Gogol Bordello must have more members of other bands than any other performer. The back stage loft is lined with Noisician Coalition members, the Zydepunks, and the Bingo! Show.
The band begins playing its punk/gypsy music and the crowd moves as one unit fighting itself. Whole sections push against others. The pushed lean, nearly falling, then regain footing and push back, repeating the process.
The front of the crowd bounces, thrash dancing to music about community and socialism. There are three or four gutter punks in the middle. The largest one grabs his smaller friend. He shakes him violently screaming in his face. His dirty brown mouth gapes, exposing teeth slightly dirtier than his unwashed skin. The rest of the crowd fights to get closer to the stage. For the first time since the early 00’s, I have to watch my head for crowd surfers.
Down should be playing at the Bingo! tent. They are not. The Bingo! tent has been running behind schedule for most of the festival, but there is also Phil Anselmo to consider. I’ve heard stories of the chronic heroin and pill addict canceling shows at the last minute. According to a friend, he fell off the stage at a pre-K Voodoo fest because he was too fucked up on Oxycontin to stand.
The crowd is massive despite the band now being nearly thirty minutes late. People are standing six rows outside of the tent in some places. There is nearly no way to get into position to see the band without a fight. I give up and go find a drink.
Jane’s Addiction plays perfectly. They storm through “Mountain Song” to open the set like they’ve played the song a thousand times. Because they have. They meander through “Three Days” at just the right pace. There is something missing. There is an energy and urgency missing to the show. The crowd mainly stands listening to the music. Perry Farrell asks New Orleans if we can talk about death tonight. He says that tonight we are going to celebrate death. Behind the last row of people couples make out on the grass. One couple lies happily in the mud. They smile at each other, and go back to kissing.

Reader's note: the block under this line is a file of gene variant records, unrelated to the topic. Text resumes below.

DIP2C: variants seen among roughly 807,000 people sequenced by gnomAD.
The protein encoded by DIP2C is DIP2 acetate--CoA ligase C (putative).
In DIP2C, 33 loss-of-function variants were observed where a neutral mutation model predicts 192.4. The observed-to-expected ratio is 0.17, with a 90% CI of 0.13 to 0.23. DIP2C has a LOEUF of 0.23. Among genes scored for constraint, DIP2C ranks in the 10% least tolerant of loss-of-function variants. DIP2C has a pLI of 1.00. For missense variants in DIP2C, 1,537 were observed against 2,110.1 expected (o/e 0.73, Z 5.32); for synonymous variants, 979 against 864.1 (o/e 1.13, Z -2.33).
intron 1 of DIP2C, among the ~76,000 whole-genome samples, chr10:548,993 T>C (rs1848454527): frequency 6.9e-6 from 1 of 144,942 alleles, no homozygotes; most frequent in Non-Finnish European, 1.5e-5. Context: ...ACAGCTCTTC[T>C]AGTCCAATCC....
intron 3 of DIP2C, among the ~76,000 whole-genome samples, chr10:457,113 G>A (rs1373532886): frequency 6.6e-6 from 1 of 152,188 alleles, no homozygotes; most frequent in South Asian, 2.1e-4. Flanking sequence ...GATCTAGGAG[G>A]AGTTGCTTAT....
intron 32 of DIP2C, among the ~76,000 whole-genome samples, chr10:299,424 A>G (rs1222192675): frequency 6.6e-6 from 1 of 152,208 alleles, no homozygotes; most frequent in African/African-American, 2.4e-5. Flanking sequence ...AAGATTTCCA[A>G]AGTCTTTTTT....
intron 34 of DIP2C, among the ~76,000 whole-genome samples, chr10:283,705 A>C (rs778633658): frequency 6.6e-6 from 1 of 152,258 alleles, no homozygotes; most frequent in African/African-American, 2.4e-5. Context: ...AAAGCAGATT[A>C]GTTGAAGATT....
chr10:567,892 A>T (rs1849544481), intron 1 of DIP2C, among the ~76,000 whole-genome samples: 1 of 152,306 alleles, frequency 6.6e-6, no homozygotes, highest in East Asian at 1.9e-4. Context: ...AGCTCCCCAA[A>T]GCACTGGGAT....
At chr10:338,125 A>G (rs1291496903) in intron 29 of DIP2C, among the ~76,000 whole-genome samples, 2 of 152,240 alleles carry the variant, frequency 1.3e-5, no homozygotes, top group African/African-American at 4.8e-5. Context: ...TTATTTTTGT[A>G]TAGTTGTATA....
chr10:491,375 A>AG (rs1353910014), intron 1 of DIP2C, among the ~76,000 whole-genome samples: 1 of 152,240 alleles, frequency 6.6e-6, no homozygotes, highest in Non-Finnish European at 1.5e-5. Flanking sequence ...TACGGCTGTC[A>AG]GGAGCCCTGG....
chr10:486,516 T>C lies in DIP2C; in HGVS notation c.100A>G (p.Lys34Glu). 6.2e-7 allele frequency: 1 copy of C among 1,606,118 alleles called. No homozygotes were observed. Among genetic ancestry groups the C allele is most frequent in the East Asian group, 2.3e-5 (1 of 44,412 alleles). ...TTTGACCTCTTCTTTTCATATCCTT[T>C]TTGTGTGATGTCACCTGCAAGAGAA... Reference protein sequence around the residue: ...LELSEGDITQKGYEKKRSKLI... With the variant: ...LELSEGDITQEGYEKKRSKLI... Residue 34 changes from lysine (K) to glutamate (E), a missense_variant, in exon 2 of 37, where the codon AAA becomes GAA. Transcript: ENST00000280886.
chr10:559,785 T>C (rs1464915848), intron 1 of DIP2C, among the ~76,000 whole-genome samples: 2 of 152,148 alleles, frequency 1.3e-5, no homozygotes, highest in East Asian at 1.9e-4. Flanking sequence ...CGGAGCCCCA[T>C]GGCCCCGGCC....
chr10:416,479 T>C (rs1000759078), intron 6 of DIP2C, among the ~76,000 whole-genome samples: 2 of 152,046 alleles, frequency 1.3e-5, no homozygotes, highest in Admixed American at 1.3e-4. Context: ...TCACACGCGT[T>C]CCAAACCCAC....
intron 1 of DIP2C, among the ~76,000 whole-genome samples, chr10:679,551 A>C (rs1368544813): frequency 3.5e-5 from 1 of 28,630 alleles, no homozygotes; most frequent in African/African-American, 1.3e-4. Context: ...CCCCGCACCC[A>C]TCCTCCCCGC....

Funk proves again it is the answer to a motionless audience. George Clinton and Parliament Funkadelic delivered from the SoCo/WWOZ stage. They are only halfway through the first song before the audience is dancing. Even in the often lethargic back rows, there are people dancing. What is odd is that the P-Funk crowd looks younger than the Jane’s Addiction crowd.
One man, probably in his late twenties, grabs a girl by the wrist. By the look on her face she doesn’t know this man. He’s wearing a winter vest; one thumb is hooked on the armhole. He says something to her. She smiles, and they begin to dance. He smiles at her while nodding his head slightly out of rhythm.
Another man, early sixties, dances closer and closer to a girl who looks to be twenty-two at best. She grins at him, stands on the tips of her toes, and kisses him for a long moment.
KISS has gone through three songs before I am able to pull myself away from Parliament. They, not surprisingly, attract the biggest crowd for the past two days. It is massive and stretches nearly to the other stage across the track. The crowd is not tight, so it is relatively easy to maze your way to the front.
Kiss plays just as perfectly as Jane’s Addiction for the same reason. The audience is stationary. Old men with salt-and-pepper beards litter the group. They pump their fists at the chorus and throw up the horns at the end of each song, but the energy of the show is lacking and could not compete with the youthful vigor of the Gogol Bordello show.
Every few songs, large pyrotechnics explode behind the stage. In the front rows people can feel the heat, but it is brief and doesn’t linger.
|< Prev||Next >|